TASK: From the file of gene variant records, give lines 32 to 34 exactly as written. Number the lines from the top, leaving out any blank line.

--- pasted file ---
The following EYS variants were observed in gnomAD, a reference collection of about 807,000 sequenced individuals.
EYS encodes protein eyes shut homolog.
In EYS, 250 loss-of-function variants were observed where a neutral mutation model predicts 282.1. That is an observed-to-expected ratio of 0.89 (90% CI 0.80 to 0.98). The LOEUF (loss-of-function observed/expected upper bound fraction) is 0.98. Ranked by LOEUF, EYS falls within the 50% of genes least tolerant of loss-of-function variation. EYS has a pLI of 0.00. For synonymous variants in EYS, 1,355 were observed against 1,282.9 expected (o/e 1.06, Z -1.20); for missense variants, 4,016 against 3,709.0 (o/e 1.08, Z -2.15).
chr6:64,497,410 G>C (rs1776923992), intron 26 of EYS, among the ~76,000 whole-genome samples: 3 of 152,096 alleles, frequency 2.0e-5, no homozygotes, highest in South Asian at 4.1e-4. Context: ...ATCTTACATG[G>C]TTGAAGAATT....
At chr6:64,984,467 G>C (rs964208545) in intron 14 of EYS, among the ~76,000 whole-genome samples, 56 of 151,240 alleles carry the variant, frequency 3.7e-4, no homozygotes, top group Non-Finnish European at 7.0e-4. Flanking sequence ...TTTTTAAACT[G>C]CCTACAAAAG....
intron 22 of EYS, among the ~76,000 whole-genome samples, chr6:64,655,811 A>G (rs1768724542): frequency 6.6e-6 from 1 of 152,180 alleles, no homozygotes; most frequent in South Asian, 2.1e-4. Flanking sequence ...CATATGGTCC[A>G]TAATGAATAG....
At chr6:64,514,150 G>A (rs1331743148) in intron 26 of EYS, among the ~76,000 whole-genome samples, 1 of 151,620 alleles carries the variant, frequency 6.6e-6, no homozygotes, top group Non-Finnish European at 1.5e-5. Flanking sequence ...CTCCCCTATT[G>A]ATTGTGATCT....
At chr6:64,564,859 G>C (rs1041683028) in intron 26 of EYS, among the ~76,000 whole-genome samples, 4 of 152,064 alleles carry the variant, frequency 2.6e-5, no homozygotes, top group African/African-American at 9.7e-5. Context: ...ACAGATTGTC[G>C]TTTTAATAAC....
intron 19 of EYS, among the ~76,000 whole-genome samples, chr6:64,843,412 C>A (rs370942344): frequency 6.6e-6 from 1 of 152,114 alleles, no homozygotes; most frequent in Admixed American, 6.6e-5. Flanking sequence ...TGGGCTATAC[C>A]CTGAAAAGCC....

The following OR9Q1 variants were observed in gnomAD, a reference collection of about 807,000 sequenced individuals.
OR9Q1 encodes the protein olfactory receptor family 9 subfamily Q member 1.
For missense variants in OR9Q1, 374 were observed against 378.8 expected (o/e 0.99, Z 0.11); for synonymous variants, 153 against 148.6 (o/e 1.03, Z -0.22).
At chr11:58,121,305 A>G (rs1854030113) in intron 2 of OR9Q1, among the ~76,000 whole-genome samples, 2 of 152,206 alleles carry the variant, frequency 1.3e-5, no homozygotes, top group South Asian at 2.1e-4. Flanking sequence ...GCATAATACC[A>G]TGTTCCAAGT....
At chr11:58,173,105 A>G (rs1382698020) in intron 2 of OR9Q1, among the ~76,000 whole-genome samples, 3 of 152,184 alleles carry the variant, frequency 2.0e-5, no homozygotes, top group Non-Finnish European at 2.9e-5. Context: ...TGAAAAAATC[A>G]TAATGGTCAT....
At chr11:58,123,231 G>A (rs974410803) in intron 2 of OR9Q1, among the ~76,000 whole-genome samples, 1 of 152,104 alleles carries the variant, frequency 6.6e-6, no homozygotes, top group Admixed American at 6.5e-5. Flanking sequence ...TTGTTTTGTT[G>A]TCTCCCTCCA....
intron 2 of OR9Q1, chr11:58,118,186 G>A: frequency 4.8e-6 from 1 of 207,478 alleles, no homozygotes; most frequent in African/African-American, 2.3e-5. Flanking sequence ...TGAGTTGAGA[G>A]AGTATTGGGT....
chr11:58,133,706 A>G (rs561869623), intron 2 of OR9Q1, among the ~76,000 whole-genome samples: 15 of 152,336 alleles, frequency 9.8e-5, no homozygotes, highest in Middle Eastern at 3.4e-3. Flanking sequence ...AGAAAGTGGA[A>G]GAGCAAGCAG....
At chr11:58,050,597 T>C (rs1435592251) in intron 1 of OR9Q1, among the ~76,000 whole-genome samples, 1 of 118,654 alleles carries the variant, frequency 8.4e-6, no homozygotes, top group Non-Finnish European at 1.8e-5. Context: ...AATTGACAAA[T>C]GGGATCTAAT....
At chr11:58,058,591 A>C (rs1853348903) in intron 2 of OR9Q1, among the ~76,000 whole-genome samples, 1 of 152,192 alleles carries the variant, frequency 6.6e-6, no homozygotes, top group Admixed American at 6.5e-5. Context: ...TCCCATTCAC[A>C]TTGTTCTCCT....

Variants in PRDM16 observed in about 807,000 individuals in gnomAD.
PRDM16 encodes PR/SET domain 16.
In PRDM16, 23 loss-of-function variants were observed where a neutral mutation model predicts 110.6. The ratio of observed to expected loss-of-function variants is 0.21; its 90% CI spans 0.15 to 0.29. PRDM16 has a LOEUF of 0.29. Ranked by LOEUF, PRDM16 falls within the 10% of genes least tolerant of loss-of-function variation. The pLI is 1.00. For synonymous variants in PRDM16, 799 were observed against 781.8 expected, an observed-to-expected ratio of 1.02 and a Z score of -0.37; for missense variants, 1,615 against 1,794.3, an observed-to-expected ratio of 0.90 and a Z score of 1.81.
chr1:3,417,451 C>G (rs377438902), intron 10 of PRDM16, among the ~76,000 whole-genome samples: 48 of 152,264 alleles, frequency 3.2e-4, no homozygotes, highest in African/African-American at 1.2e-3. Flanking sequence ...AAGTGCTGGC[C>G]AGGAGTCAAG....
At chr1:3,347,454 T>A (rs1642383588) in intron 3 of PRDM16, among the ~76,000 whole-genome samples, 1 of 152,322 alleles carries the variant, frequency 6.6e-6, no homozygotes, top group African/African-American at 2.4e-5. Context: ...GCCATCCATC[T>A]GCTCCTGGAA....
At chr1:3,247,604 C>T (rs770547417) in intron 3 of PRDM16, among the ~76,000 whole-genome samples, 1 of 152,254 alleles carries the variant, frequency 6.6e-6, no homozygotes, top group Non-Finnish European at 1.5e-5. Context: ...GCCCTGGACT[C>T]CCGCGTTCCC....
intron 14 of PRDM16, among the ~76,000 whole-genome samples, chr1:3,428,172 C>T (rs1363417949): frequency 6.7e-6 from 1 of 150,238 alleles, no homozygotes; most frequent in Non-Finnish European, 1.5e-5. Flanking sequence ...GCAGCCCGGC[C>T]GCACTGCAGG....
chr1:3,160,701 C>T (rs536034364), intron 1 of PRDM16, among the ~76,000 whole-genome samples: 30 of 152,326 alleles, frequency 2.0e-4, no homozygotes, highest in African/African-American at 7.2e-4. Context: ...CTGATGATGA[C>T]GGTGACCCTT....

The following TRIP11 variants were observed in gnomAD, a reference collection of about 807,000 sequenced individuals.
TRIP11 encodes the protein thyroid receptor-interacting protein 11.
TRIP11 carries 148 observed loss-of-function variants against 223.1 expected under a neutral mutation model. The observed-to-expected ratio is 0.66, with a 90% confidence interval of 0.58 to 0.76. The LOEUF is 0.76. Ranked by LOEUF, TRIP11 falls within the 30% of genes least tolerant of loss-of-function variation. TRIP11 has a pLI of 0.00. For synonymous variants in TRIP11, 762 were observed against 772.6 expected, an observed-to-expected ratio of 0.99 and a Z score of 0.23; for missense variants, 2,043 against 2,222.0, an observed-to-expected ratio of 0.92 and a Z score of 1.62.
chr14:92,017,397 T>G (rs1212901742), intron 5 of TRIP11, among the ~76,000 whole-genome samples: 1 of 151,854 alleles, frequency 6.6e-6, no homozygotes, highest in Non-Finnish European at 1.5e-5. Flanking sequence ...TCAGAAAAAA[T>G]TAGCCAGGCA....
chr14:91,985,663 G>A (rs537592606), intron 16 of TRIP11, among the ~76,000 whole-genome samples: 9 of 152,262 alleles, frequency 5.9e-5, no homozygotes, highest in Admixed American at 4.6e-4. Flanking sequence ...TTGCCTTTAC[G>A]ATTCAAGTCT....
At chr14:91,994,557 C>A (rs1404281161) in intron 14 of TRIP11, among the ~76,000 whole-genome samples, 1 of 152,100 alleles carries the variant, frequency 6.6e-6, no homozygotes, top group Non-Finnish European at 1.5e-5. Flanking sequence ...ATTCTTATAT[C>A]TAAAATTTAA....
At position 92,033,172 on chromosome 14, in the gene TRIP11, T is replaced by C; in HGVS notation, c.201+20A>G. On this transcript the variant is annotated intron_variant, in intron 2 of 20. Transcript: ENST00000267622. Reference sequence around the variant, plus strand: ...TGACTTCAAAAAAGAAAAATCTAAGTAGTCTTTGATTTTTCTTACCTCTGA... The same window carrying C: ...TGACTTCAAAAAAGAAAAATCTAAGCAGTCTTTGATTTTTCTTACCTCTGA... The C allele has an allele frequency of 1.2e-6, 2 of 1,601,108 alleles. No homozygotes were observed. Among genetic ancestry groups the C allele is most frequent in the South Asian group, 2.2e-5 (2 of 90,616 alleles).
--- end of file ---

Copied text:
chr14:91,985,663 G>A (rs537592606), intron 16 of TRIP11, among the ~76,000 whole-genome samples: 9 of 152,262 alleles, frequency 5.9e-5, no homozygotes, highest in Admixed American at 4.6e-4. Flanking sequence ...TTGCCTTTAC[G>A]ATTCAAGTCT....
At chr14:91,994,557 C>A (rs1404281161) in intron 14 of TRIP11, among the ~76,000 whole-genome samples, 1 of 152,100 alleles carries the variant, frequency 6.6e-6, no homozygotes, top group Non-Finnish European at 1.5e-5. Flanking sequence ...ATTCTTATAT[C>A]TAAAATTTAA....
At position 92,033,172 on chromosome 14, in the gene TRIP11, T is replaced by C; in HGVS notation, c.201+20A>G. On this transcript the variant is annotated intron_variant, in intron 2 of 20. Transcript: ENST00000267622. Reference sequence around the variant, plus strand: ...TGACTTCAAAAAAGAAAAATCTAAGTAGTCTTTGATTTTTCTTACCTCTGA... The same window carrying C: ...TGACTTCAAAAAAGAAAAATCTAAGCAGTCTTTGATTTTTCTTACCTCTGA... The C allele has an allele frequency of 1.2e-6, 2 of 1,601,108 alleles. No homozygotes were observed. Among genetic ancestry groups the C allele is most frequent in the South Asian group, 2.2e-5 (2 of 90,616 alleles).